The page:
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Wilczek: Enlightenment, Knowledge, Ignorance, Temptation

  1. Dec 14, 2005 #1


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    Enlightenment, Knowledge, Ignorance, Temptation
    Frank Wilczek
    10 pages, 5 figures. Summary talk at "Expectations of a Final Theory'', Trinity College, Cambridge, September 2005

    "I discuss the historical and conceptual roots of reasoning about the parameters of fundamental physics and cosmology based on selection effects. I argue concretely that such reasoning can and should be combined with arguments based on symmetry and dynamics; it supplements them, but does not replace them."
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  3. Dec 14, 2005 #2


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    ---sample exerpts---
    ...With those words and images in mind, let me lament our prospective losses, if we adopt anthropic or statistical selection arguments too freely:

    1. Loss of precision:
    I don’t see any realistic prospect that anthropic or statistical selection arguments – applied to a single sampling! – will ever lead to anything comparable in intellectual depth and numerical precision to what these icons represent. In that sense, intrusion of selection arguments into foundational physics and cosmology really does, to me, represent a genuine lowering of expectations.

    2. Loss of targets:
    Because the standard models of fundamental physics and cosmology describe the world so well, a major part of what ideas going beyond those standard models could aspire to achieve, for improving our understanding of the world, would be to fix the values of their remaining free parameters. If we compromise on that aspiration, there will be much less about the physical world for fundamental theory to target.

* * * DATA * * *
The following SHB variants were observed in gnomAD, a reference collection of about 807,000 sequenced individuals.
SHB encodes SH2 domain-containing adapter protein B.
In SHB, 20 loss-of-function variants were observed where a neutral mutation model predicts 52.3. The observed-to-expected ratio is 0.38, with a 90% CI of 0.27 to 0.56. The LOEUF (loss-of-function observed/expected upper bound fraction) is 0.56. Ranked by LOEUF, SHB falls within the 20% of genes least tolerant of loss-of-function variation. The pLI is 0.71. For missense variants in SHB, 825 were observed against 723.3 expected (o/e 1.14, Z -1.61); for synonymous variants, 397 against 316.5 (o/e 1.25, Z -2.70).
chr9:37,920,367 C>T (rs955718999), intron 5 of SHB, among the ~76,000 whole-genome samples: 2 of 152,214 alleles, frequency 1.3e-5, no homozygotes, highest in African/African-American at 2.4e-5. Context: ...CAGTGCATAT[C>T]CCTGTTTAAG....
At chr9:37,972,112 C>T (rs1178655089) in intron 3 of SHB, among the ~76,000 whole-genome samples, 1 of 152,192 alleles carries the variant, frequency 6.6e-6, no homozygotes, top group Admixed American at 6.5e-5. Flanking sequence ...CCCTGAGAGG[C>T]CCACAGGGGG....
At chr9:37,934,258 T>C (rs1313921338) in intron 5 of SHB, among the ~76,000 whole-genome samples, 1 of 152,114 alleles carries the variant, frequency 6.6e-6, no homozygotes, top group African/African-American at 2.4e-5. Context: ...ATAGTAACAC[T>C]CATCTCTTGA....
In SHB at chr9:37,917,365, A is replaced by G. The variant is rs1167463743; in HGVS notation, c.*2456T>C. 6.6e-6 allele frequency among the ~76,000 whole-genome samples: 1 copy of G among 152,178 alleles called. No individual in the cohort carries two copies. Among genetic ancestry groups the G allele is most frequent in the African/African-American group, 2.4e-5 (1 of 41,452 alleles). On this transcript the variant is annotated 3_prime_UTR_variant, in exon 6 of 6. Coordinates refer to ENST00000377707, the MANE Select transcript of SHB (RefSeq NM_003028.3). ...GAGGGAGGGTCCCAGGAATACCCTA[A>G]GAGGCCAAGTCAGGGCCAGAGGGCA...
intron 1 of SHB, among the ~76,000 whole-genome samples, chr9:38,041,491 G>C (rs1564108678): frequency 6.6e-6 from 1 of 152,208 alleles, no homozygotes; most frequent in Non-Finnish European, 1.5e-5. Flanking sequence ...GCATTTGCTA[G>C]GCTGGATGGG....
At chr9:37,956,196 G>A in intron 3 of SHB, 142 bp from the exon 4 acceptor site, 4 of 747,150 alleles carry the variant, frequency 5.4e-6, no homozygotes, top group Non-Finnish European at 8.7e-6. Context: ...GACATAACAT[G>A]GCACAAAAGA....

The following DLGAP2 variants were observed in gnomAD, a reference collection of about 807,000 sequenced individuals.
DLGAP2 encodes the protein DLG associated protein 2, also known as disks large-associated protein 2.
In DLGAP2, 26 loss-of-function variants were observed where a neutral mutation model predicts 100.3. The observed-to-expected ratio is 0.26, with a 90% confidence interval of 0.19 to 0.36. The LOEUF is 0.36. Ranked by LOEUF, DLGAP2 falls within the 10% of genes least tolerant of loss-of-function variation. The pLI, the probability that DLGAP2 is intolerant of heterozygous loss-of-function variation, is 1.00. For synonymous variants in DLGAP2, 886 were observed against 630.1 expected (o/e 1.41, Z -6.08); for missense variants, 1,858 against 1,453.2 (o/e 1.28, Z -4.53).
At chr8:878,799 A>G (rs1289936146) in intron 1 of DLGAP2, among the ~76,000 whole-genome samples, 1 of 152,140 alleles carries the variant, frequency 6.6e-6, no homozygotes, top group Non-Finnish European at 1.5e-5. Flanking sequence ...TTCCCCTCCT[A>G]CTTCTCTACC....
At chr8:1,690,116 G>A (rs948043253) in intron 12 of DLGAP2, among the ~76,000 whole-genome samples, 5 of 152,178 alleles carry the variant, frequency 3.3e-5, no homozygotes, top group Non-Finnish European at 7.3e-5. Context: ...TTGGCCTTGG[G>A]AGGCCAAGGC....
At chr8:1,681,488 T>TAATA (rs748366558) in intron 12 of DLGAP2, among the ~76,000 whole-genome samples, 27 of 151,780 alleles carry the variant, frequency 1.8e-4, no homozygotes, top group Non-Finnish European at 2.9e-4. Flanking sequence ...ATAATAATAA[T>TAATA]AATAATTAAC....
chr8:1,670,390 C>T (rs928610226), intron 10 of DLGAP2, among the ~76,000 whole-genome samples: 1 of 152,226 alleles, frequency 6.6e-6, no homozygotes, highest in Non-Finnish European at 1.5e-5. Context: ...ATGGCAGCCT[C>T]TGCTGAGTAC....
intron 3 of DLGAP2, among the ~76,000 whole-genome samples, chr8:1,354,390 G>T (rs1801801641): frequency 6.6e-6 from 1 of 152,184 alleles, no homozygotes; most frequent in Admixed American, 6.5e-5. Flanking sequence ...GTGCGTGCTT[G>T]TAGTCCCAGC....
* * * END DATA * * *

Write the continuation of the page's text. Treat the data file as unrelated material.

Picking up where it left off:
Of course, physicists have had to adjust their expectations before. In the development of Copernican-Newtonian celestial mechanics attractive a priori ideas about the perfect shape of planetary orbits (Ptolemy) and their origin in pure geometry (Kepler) had to be sacrificed. In the development of quantum mechanics, ideas of strict determinism (Einstein) had to be sacrificed.

    In those cases, sacrifice of appealing philosophical ideas was compensated by the emergence of powerful theories that described many specific features of the natural world and made surprising, impressive predictions. In America we have the saying “No pain, no gain.” There’s a big difference, however, between those episodes and the present one.

    Resort to anthropic reasoning involves plenty of pain, as I’ve lamented, but so far the gain has been relatively meagre, to say the least. Even if we can’t be precise in our predictions of fundamental parameters, we can still aspire to clear thinking. Specifically, we can try to be clear concerning what it is we can or can’t be precise about. In this way we can limit our losses, or at least sharpen our discussion. In that spirit, I’d like to suggest a chart (Figures 4 and 5) that draws some helpful boundaries....

  4. Dec 17, 2005 #3


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    Max Tegmark at Not Even Wrong

    Peter Woit started a thread on a talk he heard Wilczek give which covered the material in this paper ("Enlightenment, ..., Temptation")


    Both the talk and the paper are closely intertwined with the "31 Dimensionless Constants" paper that Wilczek recently signed his name to along with Max Tegmark and others.

    Dimensionless constants, cosmology and other dark matters
    Max Tegmark (MIT), Anthony Aguirre (UCSC), Martin Rees (Cambridge), Frank Wilczek (MIT)
    29 pages, 12 figs
    "We identify 31 dimensionless physical constants required by particle physics and cosmology, and emphasize that both microphysical constraints and selection effects might help elucidate their origin...."

    We had a thread about that paper here:

    so Tegmark is part of the discussion and he just showed up at Woit's blog

    Tegmark comes in around post #73 on that thread, currently 4 from the end
    Last edited: Dec 17, 2005
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